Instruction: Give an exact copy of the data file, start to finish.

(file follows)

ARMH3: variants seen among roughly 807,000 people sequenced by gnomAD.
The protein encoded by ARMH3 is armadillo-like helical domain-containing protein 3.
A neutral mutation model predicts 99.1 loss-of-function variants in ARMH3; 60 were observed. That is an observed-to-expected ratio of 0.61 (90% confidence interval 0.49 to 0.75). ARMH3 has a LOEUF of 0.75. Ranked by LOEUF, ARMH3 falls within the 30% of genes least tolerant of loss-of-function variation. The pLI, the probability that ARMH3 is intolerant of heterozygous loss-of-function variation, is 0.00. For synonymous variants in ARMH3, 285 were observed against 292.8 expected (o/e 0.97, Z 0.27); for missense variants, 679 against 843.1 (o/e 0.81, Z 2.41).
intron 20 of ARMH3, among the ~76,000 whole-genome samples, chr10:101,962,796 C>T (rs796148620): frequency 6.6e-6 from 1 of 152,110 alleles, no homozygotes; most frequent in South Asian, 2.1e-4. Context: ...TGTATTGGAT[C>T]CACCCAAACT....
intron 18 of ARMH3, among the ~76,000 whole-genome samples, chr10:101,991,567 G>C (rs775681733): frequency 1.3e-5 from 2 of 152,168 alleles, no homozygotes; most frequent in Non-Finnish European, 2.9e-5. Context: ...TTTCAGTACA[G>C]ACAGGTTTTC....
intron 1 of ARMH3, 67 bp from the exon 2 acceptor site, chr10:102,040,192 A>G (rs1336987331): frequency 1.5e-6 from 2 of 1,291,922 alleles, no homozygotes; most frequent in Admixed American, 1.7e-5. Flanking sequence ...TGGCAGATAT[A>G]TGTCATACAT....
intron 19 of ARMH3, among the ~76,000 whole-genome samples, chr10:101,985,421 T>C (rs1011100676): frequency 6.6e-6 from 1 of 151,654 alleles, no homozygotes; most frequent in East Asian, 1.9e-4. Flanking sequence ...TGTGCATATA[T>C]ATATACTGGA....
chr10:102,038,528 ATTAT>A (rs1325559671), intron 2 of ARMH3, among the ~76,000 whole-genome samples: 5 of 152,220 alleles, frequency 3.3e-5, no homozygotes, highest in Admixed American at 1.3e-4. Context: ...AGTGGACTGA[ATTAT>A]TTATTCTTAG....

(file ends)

ARMH3: variants seen among roughly 807,000 people sequenced by gnomAD.
The protein encoded by ARMH3 is armadillo-like helical domain-containing protein 3.
A neutral mutation model predicts 99.1 loss-of-function variants in ARMH3; 60 were observed. That is an observed-to-expected ratio of 0.61 (90% confidence interval 0.49 to 0.75). ARMH3 has a LOEUF of 0.75. Ranked by LOEUF, ARMH3 falls within the 30% of genes least tolerant of loss-of-function variation. The pLI, the probability that ARMH3 is intolerant of heterozygous loss-of-function variation, is 0.00. For synonymous variants in ARMH3, 285 were observed against 292.8 expected (o/e 0.97, Z 0.27); for missense variants, 679 against 843.1 (o/e 0.81, Z 2.41).
intron 20 of ARMH3, among the ~76,000 whole-genome samples, chr10:101,962,796 C>T (rs796148620): frequency 6.6e-6 from 1 of 152,110 alleles, no homozygotes; most frequent in South Asian, 2.1e-4. Context: ...TGTATTGGAT[C>T]CACCCAAACT....
intron 18 of ARMH3, among the ~76,000 whole-genome samples, chr10:101,991,567 G>C (rs775681733): frequency 1.3e-5 from 2 of 152,168 alleles, no homozygotes; most frequent in Non-Finnish European, 2.9e-5. Context: ...TTTCAGTACA[G>C]ACAGGTTTTC....
intron 1 of ARMH3, 67 bp from the exon 2 acceptor site, chr10:102,040,192 A>G (rs1336987331): frequency 1.5e-6 from 2 of 1,291,922 alleles, no homozygotes; most frequent in Admixed American, 1.7e-5. Flanking sequence ...TGGCAGATAT[A>G]TGTCATACAT....
intron 19 of ARMH3, among the ~76,000 whole-genome samples, chr10:101,985,421 T>C (rs1011100676): frequency 6.6e-6 from 1 of 151,654 alleles, no homozygotes; most frequent in East Asian, 1.9e-4. Flanking sequence ...TGTGCATATA[T>C]ATATACTGGA....
chr10:102,038,528 ATTAT>A (rs1325559671), intron 2 of ARMH3, among the ~76,000 whole-genome samples: 5 of 152,220 alleles, frequency 3.3e-5, no homozygotes, highest in Admixed American at 1.3e-4. Context: ...AGTGGACTGA[ATTAT>A]TTATTCTTAG....